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Master of Environmental Data Science
(2024)

Mapping Tree Species Drought Sensitivity Under Climate Change

Group Members: Briana Barajas, Rosemary Juarez, Fletcher McConnell, Vanessa Salgado

Faculty Advisors: Joan Dudney

Client: UCSB Bren School

Deliverables:

Proposal

Technical Documentation

Final Presentation

Description

Forests cover approximately 30% of Earth's land surface, absorb more carbon than all other terrestrial ecosystems, and provide trillions of dollars’ worth of ecosystem services (Food and Agriculture Organization of the United Nations, 2005). However, climate change-induced droughts pose a significant threat to these vital ecosystems. As climate change intensifies, it is critical for our planning and management that we understand how and where trees will be the most threatened. Previous research has examined the effects of these droughts on forests at a global scale, but these large-scale analyses are not particularly helpful for land managers that often focus on specific regions and only a limited number of species. Our project addresses this gap by assessing species-specific sensitivity to increasingly severe and frequent droughts, considering the variations within their ranges. This localized information is crucial for land managers to develop targeted conservation strategies. By analyzing species-specific data, we demonstrate that the impacts of drier conditions are not uniform across or within species. Our findings suggest that effective management strategies must adopt a multifaceted and area-specific approach. To make our findings easily usable, we developed an interactive dashboard for land managers and the public. Here, users can find species-specific sensitivity maps that highlight the areas of greatest concern within manageable spaces, providing a valuable tool for informed decision-making. Our project contributes to the understanding of the potential future drought impacts on forests and emphasizes the need for targeted conservation efforts to mitigate the consequences of climate change on these essential ecosystems.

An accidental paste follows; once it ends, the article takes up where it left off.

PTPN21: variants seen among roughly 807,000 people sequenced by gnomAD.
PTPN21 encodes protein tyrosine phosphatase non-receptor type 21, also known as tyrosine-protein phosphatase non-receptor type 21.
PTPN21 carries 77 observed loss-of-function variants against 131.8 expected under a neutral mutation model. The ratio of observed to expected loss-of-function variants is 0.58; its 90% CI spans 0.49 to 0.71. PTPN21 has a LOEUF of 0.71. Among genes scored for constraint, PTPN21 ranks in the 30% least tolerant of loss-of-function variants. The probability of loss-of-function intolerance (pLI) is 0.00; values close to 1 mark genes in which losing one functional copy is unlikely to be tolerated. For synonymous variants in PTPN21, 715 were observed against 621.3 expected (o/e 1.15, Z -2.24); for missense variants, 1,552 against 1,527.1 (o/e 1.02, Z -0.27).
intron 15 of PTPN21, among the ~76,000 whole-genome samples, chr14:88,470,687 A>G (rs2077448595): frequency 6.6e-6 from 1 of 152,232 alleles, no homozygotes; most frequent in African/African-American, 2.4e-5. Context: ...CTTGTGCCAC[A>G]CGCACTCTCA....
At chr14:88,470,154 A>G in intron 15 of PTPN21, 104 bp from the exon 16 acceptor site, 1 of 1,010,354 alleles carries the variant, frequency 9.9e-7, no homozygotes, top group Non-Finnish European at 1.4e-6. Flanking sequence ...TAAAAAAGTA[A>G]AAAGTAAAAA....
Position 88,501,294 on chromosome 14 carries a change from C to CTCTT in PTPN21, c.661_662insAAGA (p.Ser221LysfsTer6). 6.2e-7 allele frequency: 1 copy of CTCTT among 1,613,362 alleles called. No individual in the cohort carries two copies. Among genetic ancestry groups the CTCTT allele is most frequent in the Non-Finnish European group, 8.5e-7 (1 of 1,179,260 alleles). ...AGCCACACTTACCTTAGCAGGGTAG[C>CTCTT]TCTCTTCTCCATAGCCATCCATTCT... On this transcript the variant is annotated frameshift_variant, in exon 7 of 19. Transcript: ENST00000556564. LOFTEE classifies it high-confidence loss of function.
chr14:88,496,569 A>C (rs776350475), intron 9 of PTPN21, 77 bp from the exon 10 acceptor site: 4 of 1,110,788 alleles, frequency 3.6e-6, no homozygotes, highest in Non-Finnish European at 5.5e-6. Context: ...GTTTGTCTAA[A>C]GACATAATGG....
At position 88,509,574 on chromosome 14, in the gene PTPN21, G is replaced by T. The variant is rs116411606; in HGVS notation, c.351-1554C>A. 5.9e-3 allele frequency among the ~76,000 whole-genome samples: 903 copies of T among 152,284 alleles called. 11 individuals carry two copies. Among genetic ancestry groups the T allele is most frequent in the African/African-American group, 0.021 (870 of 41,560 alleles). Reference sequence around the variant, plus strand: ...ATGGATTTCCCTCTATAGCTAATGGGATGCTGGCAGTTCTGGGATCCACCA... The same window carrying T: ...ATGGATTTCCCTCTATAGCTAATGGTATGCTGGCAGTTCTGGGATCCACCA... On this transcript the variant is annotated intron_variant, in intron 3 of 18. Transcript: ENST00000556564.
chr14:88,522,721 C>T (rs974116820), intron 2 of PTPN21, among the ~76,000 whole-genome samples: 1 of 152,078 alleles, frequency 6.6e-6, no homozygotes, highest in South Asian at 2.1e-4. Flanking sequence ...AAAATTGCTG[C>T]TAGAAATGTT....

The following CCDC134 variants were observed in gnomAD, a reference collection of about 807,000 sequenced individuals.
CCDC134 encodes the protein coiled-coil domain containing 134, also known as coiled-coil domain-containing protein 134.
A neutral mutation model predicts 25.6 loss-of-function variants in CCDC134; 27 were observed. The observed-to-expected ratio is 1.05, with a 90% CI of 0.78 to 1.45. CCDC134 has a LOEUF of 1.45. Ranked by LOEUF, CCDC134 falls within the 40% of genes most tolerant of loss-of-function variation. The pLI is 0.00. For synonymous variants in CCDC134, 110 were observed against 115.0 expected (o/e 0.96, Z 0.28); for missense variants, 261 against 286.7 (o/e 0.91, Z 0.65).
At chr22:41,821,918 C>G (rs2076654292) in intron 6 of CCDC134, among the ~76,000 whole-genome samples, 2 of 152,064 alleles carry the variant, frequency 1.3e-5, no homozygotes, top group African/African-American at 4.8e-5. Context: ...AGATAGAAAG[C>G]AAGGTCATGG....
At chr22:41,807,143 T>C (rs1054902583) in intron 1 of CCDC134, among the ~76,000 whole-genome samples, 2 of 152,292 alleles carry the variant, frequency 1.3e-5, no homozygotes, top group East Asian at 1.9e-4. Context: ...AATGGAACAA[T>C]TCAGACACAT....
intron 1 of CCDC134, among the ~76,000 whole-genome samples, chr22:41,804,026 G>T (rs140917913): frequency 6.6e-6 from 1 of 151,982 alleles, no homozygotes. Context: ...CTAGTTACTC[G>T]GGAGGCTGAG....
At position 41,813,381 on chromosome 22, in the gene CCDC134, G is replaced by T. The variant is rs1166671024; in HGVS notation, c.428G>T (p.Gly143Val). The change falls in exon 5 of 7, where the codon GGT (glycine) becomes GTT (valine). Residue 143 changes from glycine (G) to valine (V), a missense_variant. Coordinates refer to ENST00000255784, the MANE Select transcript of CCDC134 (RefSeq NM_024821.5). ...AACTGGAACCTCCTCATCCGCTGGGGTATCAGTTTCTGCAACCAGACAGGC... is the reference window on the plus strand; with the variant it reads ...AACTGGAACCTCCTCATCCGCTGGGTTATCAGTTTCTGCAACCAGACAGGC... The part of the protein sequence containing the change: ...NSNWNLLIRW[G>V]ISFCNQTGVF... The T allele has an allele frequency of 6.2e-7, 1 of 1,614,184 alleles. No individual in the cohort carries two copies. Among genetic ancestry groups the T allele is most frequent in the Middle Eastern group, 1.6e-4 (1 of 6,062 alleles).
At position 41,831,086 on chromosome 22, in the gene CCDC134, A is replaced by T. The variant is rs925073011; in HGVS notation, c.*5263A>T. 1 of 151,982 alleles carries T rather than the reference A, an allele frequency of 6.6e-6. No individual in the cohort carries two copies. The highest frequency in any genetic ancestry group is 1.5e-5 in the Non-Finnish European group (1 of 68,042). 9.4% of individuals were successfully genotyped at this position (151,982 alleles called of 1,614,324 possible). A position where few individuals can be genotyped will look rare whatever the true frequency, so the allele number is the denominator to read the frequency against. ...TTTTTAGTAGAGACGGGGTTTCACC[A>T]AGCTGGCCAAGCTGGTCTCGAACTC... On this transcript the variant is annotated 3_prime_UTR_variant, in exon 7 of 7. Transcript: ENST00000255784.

Acknowledgments

UC Santa Barbara: Dr. Joan Dudney, Assistant Professor; Dr. Robert Heilmayr, Assistant Professor; Dr. Carmen Galaz García, Assistant Teaching Professor

Dr. Frances C. Moore, Associate Professor, UC Davis
 

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